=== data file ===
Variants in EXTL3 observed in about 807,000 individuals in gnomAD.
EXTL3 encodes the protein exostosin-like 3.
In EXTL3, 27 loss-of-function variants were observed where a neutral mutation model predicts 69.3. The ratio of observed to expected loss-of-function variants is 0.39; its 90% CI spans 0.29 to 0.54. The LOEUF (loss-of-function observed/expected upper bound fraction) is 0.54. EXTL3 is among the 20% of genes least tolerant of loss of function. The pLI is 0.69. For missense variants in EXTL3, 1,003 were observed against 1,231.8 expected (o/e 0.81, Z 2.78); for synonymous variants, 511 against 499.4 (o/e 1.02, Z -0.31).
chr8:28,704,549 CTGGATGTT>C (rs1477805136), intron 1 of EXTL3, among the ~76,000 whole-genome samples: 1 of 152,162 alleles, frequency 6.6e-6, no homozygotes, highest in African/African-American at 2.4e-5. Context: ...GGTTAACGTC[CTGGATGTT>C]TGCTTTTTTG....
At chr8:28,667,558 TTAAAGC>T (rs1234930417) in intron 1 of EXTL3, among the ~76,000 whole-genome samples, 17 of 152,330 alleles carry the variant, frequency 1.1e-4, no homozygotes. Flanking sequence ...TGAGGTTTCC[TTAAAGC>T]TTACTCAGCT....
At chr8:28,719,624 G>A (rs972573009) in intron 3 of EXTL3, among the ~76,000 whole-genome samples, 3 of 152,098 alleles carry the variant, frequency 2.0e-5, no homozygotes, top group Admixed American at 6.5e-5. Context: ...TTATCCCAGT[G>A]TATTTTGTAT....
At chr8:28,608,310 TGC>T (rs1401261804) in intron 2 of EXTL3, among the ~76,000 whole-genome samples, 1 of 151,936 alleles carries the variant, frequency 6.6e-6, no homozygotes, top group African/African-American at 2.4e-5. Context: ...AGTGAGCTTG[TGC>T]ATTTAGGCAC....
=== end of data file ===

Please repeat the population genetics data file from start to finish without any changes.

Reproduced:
Variants in EXTL3 observed in about 807,000 individuals in gnomAD.
EXTL3 encodes the protein exostosin-like 3.
In EXTL3, 27 loss-of-function variants were observed where a neutral mutation model predicts 69.3. The ratio of observed to expected loss-of-function variants is 0.39; its 90% CI spans 0.29 to 0.54. The LOEUF (loss-of-function observed/expected upper bound fraction) is 0.54. EXTL3 is among the 20% of genes least tolerant of loss of function. The pLI is 0.69. For missense variants in EXTL3, 1,003 were observed against 1,231.8 expected (o/e 0.81, Z 2.78); for synonymous variants, 511 against 499.4 (o/e 1.02, Z -0.31).
chr8:28,704,549 CTGGATGTT>C (rs1477805136), intron 1 of EXTL3, among the ~76,000 whole-genome samples: 1 of 152,162 alleles, frequency 6.6e-6, no homozygotes, highest in African/African-American at 2.4e-5. Context: ...GGTTAACGTC[CTGGATGTT>C]TGCTTTTTTG....
At chr8:28,667,558 TTAAAGC>T (rs1234930417) in intron 1 of EXTL3, among the ~76,000 whole-genome samples, 17 of 152,330 alleles carry the variant, frequency 1.1e-4, no homozygotes. Flanking sequence ...TGAGGTTTCC[TTAAAGC>T]TTACTCAGCT....
At chr8:28,719,624 G>A (rs972573009) in intron 3 of EXTL3, among the ~76,000 whole-genome samples, 3 of 152,098 alleles carry the variant, frequency 2.0e-5, no homozygotes, top group Admixed American at 6.5e-5. Context: ...TTATCCCAGT[G>A]TATTTTGTAT....
At chr8:28,608,310 TGC>T (rs1401261804) in intron 2 of EXTL3, among the ~76,000 whole-genome samples, 1 of 151,936 alleles carries the variant, frequency 6.6e-6, no homozygotes, top group African/African-American at 2.4e-5. Context: ...AGTGAGCTTG[TGC>T]ATTTAGGCAC....